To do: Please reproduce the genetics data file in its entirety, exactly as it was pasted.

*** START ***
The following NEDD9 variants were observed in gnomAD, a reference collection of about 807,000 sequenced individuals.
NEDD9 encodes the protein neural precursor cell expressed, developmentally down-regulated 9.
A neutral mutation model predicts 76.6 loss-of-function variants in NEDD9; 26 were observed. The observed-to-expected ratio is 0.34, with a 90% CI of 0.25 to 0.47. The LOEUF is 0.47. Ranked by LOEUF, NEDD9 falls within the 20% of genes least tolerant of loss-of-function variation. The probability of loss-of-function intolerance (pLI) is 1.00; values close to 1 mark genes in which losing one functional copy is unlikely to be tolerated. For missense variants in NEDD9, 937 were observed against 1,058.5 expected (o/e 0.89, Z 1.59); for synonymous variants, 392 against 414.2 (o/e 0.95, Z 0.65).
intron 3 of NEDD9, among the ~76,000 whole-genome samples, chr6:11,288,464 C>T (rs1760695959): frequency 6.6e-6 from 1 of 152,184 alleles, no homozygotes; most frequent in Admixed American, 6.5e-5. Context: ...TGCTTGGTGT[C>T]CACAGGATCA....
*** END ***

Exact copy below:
The following NEDD9 variants were observed in gnomAD, a reference collection of about 807,000 sequenced individuals.
NEDD9 encodes the protein neural precursor cell expressed, developmentally down-regulated 9.
A neutral mutation model predicts 76.6 loss-of-function variants in NEDD9; 26 were observed. The observed-to-expected ratio is 0.34, with a 90% CI of 0.25 to 0.47. The LOEUF is 0.47. Ranked by LOEUF, NEDD9 falls within the 20% of genes least tolerant of loss-of-function variation. The probability of loss-of-function intolerance (pLI) is 1.00; values close to 1 mark genes in which losing one functional copy is unlikely to be tolerated. For missense variants in NEDD9, 937 were observed against 1,058.5 expected (o/e 0.89, Z 1.59); for synonymous variants, 392 against 414.2 (o/e 0.95, Z 0.65).
intron 3 of NEDD9, among the ~76,000 whole-genome samples, chr6:11,288,464 C>T (rs1760695959): frequency 6.6e-6 from 1 of 152,184 alleles, no homozygotes; most frequent in Admixed American, 6.5e-5. Context: ...TGCTTGGTGT[C>T]CACAGGATCA....